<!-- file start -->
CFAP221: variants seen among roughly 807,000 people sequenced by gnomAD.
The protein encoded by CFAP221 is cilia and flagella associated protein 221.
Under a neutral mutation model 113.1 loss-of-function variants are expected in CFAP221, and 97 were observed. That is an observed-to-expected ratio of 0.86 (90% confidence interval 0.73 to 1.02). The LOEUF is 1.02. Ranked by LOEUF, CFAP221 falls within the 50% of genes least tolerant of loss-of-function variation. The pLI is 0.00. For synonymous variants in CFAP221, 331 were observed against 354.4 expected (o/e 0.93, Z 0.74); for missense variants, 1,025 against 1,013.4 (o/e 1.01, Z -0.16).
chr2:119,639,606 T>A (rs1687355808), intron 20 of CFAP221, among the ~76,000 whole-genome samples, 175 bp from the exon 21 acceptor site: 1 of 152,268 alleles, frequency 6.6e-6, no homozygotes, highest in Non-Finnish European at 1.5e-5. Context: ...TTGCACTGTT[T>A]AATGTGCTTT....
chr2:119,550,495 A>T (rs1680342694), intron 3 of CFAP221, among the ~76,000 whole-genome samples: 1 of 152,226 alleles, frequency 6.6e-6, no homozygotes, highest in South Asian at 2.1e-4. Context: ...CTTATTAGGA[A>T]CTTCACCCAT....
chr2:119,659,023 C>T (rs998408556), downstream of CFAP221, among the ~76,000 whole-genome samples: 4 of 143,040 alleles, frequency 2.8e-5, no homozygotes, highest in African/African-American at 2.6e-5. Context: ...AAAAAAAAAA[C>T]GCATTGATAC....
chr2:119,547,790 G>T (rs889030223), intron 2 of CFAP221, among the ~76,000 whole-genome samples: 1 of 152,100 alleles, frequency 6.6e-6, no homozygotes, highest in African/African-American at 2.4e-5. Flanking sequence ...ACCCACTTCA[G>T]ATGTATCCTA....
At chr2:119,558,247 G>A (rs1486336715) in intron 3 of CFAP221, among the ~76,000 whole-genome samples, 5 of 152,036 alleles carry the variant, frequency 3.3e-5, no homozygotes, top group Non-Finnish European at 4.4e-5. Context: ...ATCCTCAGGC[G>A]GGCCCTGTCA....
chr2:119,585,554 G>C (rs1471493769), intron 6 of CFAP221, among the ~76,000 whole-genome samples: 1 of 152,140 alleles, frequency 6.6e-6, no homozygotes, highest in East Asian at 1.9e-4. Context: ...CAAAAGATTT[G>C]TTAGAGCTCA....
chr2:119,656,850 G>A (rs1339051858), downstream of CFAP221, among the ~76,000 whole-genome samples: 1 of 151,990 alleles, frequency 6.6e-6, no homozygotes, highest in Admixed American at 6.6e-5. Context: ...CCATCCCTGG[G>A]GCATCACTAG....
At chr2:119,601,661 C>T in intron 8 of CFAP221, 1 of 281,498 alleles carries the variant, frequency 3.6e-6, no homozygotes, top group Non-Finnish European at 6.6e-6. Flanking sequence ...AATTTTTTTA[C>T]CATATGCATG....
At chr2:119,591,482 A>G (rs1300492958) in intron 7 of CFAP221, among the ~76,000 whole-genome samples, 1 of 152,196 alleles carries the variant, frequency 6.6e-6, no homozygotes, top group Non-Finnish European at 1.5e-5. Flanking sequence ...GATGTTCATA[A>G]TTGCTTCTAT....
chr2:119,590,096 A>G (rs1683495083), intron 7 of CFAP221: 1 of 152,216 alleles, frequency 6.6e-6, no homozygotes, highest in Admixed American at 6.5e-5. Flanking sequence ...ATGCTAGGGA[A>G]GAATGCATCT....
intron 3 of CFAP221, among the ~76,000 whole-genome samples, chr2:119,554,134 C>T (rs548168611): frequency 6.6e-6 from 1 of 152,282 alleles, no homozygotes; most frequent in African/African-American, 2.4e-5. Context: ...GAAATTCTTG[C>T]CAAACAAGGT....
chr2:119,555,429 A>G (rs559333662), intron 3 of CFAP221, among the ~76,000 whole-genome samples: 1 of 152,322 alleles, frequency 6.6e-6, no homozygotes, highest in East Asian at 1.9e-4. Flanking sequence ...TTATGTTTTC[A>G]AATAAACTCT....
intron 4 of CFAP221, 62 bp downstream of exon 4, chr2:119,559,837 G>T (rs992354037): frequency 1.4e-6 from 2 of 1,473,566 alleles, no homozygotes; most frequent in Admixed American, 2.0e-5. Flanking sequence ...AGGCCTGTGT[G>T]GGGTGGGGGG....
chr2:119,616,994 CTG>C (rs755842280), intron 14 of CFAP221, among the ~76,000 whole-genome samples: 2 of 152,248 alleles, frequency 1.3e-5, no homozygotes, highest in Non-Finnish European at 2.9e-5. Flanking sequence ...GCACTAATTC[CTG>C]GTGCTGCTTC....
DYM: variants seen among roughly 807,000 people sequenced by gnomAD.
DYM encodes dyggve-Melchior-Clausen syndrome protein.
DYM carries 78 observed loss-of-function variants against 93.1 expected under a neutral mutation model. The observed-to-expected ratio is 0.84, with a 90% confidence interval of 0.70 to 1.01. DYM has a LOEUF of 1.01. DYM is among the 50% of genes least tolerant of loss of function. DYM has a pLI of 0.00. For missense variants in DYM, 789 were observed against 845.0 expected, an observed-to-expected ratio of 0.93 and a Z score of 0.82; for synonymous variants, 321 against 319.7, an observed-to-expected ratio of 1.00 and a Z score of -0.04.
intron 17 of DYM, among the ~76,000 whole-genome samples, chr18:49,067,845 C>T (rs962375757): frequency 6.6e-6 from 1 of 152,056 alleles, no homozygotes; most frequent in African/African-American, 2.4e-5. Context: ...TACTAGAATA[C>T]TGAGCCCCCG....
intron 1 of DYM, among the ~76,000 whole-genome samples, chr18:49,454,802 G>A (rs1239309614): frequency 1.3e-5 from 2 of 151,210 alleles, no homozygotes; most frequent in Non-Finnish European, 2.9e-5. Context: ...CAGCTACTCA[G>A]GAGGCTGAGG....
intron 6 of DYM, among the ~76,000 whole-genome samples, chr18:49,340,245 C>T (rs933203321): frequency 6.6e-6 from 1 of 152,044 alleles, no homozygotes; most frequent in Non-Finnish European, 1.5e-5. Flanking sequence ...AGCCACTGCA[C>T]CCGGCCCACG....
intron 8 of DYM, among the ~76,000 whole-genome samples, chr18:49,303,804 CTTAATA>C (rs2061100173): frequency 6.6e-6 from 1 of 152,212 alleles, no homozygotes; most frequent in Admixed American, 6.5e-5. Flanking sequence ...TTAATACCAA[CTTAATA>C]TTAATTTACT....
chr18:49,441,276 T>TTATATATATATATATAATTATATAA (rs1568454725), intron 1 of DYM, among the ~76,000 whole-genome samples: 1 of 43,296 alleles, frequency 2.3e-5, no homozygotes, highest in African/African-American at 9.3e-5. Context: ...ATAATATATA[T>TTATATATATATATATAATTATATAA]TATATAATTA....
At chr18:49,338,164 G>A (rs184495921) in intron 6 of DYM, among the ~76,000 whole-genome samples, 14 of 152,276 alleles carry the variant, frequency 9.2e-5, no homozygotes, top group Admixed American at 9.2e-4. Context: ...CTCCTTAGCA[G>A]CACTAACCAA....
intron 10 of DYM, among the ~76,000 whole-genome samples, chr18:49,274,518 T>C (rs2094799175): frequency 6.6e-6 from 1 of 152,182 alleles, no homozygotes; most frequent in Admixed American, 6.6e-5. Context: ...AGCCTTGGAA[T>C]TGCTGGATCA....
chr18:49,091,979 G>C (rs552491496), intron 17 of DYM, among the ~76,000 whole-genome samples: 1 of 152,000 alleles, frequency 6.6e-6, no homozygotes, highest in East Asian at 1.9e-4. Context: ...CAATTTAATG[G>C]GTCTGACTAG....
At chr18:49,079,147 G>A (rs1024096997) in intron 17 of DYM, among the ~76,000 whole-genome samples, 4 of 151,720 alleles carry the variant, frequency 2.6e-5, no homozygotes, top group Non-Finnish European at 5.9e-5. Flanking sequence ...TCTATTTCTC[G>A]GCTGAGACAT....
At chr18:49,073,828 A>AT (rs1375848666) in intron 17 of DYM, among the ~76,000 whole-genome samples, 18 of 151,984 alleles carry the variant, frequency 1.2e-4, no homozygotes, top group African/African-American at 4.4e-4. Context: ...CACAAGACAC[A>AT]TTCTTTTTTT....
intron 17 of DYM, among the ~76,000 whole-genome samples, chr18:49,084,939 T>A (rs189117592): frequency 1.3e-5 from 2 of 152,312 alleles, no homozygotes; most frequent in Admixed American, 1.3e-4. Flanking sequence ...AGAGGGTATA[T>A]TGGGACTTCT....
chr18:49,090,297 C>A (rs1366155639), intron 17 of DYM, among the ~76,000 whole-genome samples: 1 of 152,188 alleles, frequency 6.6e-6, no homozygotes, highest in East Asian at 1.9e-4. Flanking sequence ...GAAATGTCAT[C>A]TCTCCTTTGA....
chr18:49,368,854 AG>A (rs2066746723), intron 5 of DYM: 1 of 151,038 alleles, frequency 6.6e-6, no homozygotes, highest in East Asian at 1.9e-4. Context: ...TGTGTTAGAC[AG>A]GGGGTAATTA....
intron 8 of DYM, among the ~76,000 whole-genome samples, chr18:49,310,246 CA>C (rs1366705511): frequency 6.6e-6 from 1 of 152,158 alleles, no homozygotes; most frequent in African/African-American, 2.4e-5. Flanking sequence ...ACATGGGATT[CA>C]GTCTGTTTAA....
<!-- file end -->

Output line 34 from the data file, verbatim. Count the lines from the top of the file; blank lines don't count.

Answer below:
intron 8 of DYM, among the ~76,000 whole-genome samples, chr18:49,310,246 CA>C (rs1366705511): frequency 6.6e-6 from 1 of 152,158 alleles, no homozygotes; most frequent in African/African-American, 2.4e-5. Flanking sequence ...ACATGGGATT[CA>C]GTCTGTTTAA....